A Positively Positive First Day

Senior Joe Villarreal writes down his dream
What is Your Dream?

A big sheet of paper with a big question written in big letters and spread across 8-foot-long tables greeted high schoolers on the first day. Students’ answers were full of hope, ambition, compassion and a bit of humor.

Their dreams

  • “To be a teacher.”
  • “To live a successful life.”
  • “To be remembered long after my death.”
  • “To be in the military.”
  • “To get more friends.”
  • “To be a meme!”
  • “Get rich.”
  • “Learn more about cars and stuff.”
  • “I don’t dream, I do.”

Their compassion

  • Hail Harambe!
  • To revive Harambe (the gorilla that was shot earlier this year after a child fell into his zoo enclosure).
  • “To be a better person.”

Their humor

  • “To eat pizza” (served for free for lunch the first day)
  • “To not be here.”
  • “To get girls.”
  • “To drive a dope car.”
  • “To be a cow.”

The high school band blared from the stage while students and teachers, sugared up on free doughnuts, packed the auditorium at the start of the first day of school, designed to get students off to a positive start.

“Yeaahh! It’s the first day!” yelled English teacher Molly Stableras she waved her hands. “Positive, positive, positive is the way to be! I firmly believe students reflect a teacher’s energy, so I am not shy about mine.”

It’s the second year the district has made its first day all about building the ‘TK Strong’ spirit. Like many districts across Kent ISD, TK Principal Tony Petersen said one of the goals is to help students think of school as not just a school, but as a family. To make that point, students from different grades are organized into “families” the first day and remain each other’s family until they graduate, meeting monthly to discuss school and life topics.

“The first year was just incredible,” Petersen said. “Professionally, it was one of the best school years I’ve been a part of.”

Last year the school worked to teach students expectations, behavior and changing concepts on punishment. This year it will combine those with employability skills and service. Superintendent Tom Enslen said he’s seen a difference in students, and he credits it to the new ways of thinking. “The data is substantiating its effectiveness,” he said. “The discipline numbers are down.”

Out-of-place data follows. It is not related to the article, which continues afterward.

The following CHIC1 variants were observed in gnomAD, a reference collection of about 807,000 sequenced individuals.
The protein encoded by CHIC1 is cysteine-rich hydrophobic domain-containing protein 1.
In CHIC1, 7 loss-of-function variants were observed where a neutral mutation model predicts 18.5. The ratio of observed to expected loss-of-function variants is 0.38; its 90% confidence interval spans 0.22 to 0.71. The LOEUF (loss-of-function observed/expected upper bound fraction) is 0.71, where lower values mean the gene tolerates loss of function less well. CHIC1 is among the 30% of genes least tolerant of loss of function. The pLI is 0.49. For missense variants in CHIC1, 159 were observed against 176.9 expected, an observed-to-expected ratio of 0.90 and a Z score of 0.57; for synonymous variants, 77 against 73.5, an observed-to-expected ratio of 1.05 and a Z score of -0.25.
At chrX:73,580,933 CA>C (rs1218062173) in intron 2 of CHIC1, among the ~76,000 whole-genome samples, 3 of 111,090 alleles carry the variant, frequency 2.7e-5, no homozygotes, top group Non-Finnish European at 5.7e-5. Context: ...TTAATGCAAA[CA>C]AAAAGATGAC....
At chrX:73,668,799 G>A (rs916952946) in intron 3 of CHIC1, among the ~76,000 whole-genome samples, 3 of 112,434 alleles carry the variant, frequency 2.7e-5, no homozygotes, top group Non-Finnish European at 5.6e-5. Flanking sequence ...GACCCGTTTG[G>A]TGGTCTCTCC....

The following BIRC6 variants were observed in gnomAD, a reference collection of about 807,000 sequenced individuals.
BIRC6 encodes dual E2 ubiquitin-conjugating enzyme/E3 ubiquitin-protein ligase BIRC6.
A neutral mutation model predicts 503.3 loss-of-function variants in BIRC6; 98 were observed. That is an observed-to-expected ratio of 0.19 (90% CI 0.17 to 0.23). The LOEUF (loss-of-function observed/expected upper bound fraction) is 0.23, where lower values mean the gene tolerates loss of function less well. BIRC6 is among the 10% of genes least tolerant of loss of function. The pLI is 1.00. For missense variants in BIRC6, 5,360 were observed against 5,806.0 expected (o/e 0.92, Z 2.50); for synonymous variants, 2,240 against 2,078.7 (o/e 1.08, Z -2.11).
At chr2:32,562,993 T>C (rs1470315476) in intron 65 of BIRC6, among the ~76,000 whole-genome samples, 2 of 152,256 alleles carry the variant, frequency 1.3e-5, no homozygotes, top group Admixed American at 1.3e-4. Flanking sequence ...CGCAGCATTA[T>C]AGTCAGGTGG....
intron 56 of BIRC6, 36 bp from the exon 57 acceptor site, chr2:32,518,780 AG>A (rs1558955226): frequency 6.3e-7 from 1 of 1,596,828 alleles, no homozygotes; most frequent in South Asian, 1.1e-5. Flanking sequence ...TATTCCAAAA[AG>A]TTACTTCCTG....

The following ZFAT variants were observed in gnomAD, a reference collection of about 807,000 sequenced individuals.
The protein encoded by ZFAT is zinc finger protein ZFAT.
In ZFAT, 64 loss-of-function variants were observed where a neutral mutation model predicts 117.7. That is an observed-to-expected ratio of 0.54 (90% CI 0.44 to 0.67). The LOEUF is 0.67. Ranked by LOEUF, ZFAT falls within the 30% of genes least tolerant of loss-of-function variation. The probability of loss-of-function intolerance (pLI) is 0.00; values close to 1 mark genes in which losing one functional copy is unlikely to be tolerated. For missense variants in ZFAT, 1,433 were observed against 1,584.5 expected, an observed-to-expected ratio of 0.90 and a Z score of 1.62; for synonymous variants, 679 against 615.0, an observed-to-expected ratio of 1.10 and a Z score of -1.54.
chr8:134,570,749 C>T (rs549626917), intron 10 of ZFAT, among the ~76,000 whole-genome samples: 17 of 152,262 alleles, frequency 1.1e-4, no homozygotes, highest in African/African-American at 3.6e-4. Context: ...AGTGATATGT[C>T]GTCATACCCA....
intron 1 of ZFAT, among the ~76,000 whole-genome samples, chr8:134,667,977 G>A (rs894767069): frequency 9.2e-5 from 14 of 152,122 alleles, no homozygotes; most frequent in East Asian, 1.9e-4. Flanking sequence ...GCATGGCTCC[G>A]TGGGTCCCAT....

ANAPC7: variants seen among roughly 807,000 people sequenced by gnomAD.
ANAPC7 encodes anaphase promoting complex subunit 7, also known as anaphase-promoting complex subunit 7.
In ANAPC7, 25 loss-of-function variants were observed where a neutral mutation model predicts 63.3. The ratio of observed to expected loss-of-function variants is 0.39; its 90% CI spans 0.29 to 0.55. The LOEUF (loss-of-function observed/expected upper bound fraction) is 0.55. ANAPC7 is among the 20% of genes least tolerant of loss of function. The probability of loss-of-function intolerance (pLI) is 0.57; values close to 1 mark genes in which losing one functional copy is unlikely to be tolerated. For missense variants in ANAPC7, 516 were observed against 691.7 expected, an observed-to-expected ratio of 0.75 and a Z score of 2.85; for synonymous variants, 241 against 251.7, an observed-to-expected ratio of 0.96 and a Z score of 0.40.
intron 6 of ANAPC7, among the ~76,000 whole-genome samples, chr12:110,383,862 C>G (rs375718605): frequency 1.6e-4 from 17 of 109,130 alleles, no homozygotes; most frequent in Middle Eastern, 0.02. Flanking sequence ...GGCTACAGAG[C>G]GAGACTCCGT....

Celebrations took place at each school building, and goals for the year were set depending on grade level. Kindergarteners, for example, will get tickets for good behavior.

A winner will be chosen who gets to go to the office for a prize. “They really like getting them,” said Karen Young, a McFall Elementary kindergarten teacher.

Teacher Molly Stabler shows students a Confucius quote
Teacher Molly Stabler shows students a Confucius quote

Some of her students even tell her when they’ve seen someone else do something nice, she said.

At the root of these rambunctious first days is a Positive Behavioral Intervention and Supports program that several schools have adopted in the last few years. Petersen said members of his staff took parts of the program to use at TK.

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Linda Odette
Linda Odette is a freelance writer and editor with more than 30 years of experience in journalism. She’s worked primarily as an editor in feature departments at newspapers in West Michigan, including the Grand Rapids Press, the Muskegon Chronicle and the Holland Sentinel. She lives in East Grand Rapids near the Eastown edge, has a teenage son and a daughter in college. Read Linda's full bio

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